The great French philosopher of the early 20th century, Étienne Gilson, wrote these words about the world’s greatest minds trying to make sense of God:
“The divine Being eludes the grasp of our concepts. There is no single idea at our disposal which does not break down in some way when we attempt to apply it to Him. Every denomination is a limitation, but God is above all limitation, and therefore above all denomination no matter how exalted it may be” (Spirit of Mediaeval Philosophy, 1936, 56.).
His statement is not at all controversial. God “eludes the grasp of our concepts.” Do any of us really believe we know everything about God? Do we believe any of our categories or concepts are sufficient? There is so much mystery in play anytime human beings speak or even think about God.
We’ll all acknowledge this. But in my experience, our acknowledgement of the mystery of God does not usually come with the humility that ought to accompany such an acknowledgement.
If God is indeed mysterious, then why are we not more humble about our limited perspectives?
Gilson says that every denomination is a limitation. Isn’t that so? Denominations are not inherently bad. But they are inherently limited. At the heart of every denomination is the insistence that God is like this, not like that. Differentiation is good, categorization is helpful, and absolute truth exists. To be human is to be limited. To form a denomination is to embrace specific limitations. This is not the problem. The problem is our tendency to take the box we draw around our denomination or camp or position and then insist that the box accurately represents God is his fullness.
There is mystery when we talk about God! Does this not require us to be humble in our statements about God? Should we not acknowledge the limitations of our perspectives? Should we not be open to hearing others speak about God in ways that sound foreign to us?
Many of our denominations are good. None of them is sufficient.
Think of the people who are part of your church. You worship and serve regularly with people who hold a variety of views about who God is and what he does. God is bigger than what any one of you thinks about him.
But what about the person in your church with whom you have firm theological disagreements? Or the person in the other church or denomination whose theology you can’t accept? Is it true that “there is no single idea at our disposal which does not break down in some way when we attempt to apply it to God?” I’m not suggesting we treat wrong as right. I don’t endorse going against God’s revelation of himself in Scripture. I’m suggesting that our understanding of God is limited, and that perhaps we should view each other in this light.“There is no single idea at our disposal which does not break down in some way when we attempt to apply it to God.” – Étienne Gilson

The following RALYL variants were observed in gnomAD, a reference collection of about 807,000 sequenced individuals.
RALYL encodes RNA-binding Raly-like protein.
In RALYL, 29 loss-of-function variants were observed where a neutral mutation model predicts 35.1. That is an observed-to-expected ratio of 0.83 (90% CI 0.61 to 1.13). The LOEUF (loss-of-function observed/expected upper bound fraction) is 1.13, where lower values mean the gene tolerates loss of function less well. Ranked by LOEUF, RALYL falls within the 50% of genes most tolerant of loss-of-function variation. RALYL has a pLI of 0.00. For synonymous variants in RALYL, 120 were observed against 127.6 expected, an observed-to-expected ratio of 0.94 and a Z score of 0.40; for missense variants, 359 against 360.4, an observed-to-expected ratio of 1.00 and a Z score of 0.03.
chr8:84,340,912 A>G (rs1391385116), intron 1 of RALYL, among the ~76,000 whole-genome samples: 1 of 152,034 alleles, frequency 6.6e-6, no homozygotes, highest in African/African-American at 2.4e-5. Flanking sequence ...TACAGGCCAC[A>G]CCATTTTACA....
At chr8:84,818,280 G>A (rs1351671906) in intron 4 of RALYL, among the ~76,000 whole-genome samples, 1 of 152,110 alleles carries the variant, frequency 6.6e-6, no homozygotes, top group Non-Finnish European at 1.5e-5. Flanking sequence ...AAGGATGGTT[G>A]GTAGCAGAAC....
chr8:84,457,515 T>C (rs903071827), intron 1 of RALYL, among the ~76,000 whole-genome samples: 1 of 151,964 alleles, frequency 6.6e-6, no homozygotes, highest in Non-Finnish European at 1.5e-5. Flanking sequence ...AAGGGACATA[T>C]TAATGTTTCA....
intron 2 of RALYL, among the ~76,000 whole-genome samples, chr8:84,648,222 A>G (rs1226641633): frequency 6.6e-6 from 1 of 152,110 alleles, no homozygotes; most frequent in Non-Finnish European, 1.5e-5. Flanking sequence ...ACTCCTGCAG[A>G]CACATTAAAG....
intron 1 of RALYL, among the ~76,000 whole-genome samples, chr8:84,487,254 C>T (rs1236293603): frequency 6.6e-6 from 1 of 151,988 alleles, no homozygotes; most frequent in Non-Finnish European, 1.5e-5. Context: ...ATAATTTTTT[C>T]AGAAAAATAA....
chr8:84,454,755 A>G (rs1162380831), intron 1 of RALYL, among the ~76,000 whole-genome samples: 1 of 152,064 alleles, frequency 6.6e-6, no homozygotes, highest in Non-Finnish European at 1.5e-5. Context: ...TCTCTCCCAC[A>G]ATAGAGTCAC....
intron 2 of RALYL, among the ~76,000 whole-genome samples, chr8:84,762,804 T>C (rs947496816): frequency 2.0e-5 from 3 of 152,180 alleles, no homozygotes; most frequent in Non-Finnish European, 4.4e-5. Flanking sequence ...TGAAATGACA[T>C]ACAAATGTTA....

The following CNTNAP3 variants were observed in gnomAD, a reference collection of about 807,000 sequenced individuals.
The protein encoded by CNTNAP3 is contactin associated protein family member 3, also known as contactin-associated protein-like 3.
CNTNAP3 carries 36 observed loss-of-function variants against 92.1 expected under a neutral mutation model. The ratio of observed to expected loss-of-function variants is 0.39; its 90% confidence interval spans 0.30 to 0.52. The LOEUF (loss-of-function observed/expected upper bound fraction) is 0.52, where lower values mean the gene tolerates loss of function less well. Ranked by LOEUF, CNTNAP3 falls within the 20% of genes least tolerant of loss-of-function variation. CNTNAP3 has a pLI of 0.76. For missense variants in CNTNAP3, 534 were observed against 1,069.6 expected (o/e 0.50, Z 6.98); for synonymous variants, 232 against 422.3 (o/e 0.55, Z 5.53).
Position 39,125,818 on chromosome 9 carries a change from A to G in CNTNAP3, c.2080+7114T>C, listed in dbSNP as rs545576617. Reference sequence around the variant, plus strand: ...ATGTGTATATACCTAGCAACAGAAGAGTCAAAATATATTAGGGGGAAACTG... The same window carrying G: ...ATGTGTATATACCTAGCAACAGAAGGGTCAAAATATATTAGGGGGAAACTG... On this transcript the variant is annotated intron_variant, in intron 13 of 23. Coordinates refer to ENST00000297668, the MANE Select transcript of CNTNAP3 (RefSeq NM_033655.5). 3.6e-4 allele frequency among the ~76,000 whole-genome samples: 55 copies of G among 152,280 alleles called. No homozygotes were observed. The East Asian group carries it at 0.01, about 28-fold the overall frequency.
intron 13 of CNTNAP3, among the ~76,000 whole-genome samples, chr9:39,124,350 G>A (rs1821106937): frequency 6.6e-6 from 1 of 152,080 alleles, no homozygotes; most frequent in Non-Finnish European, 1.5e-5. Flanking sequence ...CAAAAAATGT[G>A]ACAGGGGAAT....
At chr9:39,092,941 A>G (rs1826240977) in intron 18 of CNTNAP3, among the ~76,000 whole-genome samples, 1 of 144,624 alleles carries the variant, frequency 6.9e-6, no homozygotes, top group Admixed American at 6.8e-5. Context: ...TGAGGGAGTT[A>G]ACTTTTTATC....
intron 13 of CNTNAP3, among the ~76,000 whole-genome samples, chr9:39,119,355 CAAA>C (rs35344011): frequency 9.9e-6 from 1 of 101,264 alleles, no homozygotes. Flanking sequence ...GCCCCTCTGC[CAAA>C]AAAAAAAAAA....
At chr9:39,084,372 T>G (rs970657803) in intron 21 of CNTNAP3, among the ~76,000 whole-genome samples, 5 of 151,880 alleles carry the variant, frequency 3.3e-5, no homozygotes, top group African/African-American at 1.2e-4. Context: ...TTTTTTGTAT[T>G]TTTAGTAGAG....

Gilson goes on to say that “the only adequate expression of God would be God.” I love that. Anytime we break down some part of God and try to explain him, we’re inherently mistaken—not necessarily through inaccuracy, but through incompletion.
Flannery O’Connor said this about writing fiction: “Some people have the notion that you read the story and then climb out of it into the meaning, but for the fiction writer himself the whole story is the meaning, because it is an experience, not an abstraction” (Mystery & Manners, 73). She quotes John Peale Bishop: “You can’t say Cezanne painted apples and a tablecloth and have said what Cezanne painted.”
In other words, we have a tendency to want to summarize art, but it doesn’t work like that. She says: “A story is a way to say something that can’t be said any other way, and it takes every word in the story to say what the meaning is. You tell a story because a statement would be inadequate. When anybody asks what a story is about, the only proper thing is to tell him to read the story. The meaning of fiction is not abstract meaning but experienced meaning, and the purpose of making a statement about the meaning of a story is only to help you to experience that meaning more fully” (96).When speaking about God “our poor human words express only a part of that which has no parts.” – Étienne Gilson
What Flannery O’Connor says about art also (mysteriously) applies to God. As Gilson says, when speaking about God “our poor human words express only a part of that which has no parts.” This is okay, because this is the way God has designed it. What’s not okay, however, is when we discard the humility that necessarily accompanies mystery. When we do this, we’re not being theological, or helpful, or godly, or biblical, or faithful. We’re being jackasses.